One of the many reasons you pick a book is because of the author’s credentials. Right to Education: The Way Forward by Vinay Rai and Narendra Kumar (ISBN: 978-81-910833-1-6) was one such book.
Given my interest in education and generally the paradox that the Right to Education Act is all about, this seemed to be a good book to pick up. Being shrink-wrapped, when I saw it in the book store, I was left to judge the book only by its cover – and the author bios on the back cover.
I am terribly disappointed by this book.
For one, it seems that this was supposed to be primarily to be just a paper and few thoughts that have been converted to a book. There is significant repetition of nay, not just paragraphs, but pages altogether. Many sentences find their way back into the text matter shamelessly, with unfailing regularity. The editor has done a shoddy job, (“short of human capital by 17 millions”), and Indian words like “melas” are not marked out in any way. Paragraph subtitles are like:
The Road To Implementation Of Act Is- Potholed
As far as the core content of the book, it does not provide any fresh perspective on the Act – the challenges and the solutions mentioned in the book have been argued ad nauseam. The research material from which certain assumptions are derived are very limited, and are repeatedly referred in the book. There is a vast amount of literature out there from organisations like NEUPA and UNESCO and the MHRD site, which does not find any mention in the book.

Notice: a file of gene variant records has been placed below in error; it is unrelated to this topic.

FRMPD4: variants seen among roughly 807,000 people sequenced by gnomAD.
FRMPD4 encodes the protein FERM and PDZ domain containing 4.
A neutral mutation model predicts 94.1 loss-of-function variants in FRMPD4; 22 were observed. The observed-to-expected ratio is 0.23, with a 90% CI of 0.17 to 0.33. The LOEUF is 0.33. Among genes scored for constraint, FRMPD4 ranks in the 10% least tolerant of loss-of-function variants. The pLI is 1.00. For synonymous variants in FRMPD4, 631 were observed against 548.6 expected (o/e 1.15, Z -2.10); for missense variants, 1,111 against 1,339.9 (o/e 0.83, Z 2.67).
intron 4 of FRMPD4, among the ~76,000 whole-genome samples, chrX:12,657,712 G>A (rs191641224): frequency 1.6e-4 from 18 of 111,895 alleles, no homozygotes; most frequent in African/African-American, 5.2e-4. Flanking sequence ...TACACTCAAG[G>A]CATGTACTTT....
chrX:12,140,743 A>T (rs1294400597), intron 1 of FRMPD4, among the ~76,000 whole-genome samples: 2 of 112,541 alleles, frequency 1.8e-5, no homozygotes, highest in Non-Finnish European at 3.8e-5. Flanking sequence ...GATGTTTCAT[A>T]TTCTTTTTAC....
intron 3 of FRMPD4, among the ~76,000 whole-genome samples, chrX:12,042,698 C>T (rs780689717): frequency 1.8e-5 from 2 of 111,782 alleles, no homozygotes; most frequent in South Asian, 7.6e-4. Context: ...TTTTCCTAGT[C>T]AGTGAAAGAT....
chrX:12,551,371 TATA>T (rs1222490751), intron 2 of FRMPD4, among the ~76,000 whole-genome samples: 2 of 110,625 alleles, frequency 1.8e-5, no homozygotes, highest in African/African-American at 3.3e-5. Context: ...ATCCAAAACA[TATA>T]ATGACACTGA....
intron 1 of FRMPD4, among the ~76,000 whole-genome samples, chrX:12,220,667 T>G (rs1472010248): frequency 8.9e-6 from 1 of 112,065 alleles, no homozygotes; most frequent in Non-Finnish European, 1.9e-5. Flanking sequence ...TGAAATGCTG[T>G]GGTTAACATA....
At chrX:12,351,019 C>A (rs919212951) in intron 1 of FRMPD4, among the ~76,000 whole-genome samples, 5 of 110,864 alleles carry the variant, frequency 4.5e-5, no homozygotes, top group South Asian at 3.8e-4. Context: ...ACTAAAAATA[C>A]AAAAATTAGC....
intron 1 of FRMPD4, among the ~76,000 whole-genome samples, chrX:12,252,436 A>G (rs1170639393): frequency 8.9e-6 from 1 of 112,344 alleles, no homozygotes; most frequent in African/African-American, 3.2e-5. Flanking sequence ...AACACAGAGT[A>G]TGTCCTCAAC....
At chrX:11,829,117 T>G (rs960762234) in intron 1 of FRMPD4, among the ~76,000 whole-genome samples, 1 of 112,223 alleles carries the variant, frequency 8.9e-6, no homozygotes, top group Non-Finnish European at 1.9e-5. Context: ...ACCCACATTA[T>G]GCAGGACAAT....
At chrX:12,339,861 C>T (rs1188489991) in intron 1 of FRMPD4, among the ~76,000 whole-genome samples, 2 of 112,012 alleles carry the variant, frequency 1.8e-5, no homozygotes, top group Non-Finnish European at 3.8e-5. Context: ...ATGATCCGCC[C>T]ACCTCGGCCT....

At the end of the book, I felt that this book was not written by the authors; they have just lent their name to it. Further, for such a low-quality publication to come out of and be endorsed by ASSOCHAM’s President, Dr. Swati Piramal, was equally disappointing.
Finally, since this book did not show up in the GoodReads library, I had to add it to the library. As I filled in the details, I was very surprised to note that the blurb on jacket flaps was taken from an article by India Today.
A serious case of plagiarism, if you ask me. And a serious case of dismay.
PS: for an opposing view, please read this review